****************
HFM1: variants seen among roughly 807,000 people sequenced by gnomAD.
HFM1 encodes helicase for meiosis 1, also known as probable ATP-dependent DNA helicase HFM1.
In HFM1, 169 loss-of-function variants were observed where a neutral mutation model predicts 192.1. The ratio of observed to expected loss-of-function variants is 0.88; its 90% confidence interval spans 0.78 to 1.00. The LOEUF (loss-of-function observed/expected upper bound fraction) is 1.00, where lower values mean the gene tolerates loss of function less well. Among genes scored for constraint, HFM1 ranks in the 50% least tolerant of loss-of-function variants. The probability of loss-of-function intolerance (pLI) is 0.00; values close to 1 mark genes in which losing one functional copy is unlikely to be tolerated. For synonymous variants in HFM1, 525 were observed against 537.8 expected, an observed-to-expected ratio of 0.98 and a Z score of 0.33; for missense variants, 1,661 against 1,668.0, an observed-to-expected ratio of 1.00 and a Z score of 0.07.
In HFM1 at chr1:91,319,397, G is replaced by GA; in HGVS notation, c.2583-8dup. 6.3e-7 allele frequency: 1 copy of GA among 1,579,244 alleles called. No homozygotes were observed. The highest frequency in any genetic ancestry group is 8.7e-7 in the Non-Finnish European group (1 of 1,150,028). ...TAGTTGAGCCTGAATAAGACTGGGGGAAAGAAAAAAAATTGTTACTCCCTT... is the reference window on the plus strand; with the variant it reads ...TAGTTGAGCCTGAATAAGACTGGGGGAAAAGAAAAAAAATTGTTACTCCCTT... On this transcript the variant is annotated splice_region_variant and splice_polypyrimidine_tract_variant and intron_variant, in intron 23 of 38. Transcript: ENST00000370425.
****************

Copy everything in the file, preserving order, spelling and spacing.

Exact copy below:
HFM1: variants seen among roughly 807,000 people sequenced by gnomAD.
HFM1 encodes helicase for meiosis 1, also known as probable ATP-dependent DNA helicase HFM1.
In HFM1, 169 loss-of-function variants were observed where a neutral mutation model predicts 192.1. The ratio of observed to expected loss-of-function variants is 0.88; its 90% confidence interval spans 0.78 to 1.00. The LOEUF (loss-of-function observed/expected upper bound fraction) is 1.00, where lower values mean the gene tolerates loss of function less well. Among genes scored for constraint, HFM1 ranks in the 50% least tolerant of loss-of-function variants. The probability of loss-of-function intolerance (pLI) is 0.00; values close to 1 mark genes in which losing one functional copy is unlikely to be tolerated. For synonymous variants in HFM1, 525 were observed against 537.8 expected, an observed-to-expected ratio of 0.98 and a Z score of 0.33; for missense variants, 1,661 against 1,668.0, an observed-to-expected ratio of 1.00 and a Z score of 0.07.
In HFM1 at chr1:91,319,397, G is replaced by GA; in HGVS notation, c.2583-8dup. 6.3e-7 allele frequency: 1 copy of GA among 1,579,244 alleles called. No homozygotes were observed. The highest frequency in any genetic ancestry group is 8.7e-7 in the Non-Finnish European group (1 of 1,150,028). ...TAGTTGAGCCTGAATAAGACTGGGGGAAAGAAAAAAAATTGTTACTCCCTT... is the reference window on the plus strand; with the variant it reads ...TAGTTGAGCCTGAATAAGACTGGGGGAAAAGAAAAAAAATTGTTACTCCCTT... On this transcript the variant is annotated splice_region_variant and splice_polypyrimidine_tract_variant and intron_variant, in intron 23 of 38. Transcript: ENST00000370425.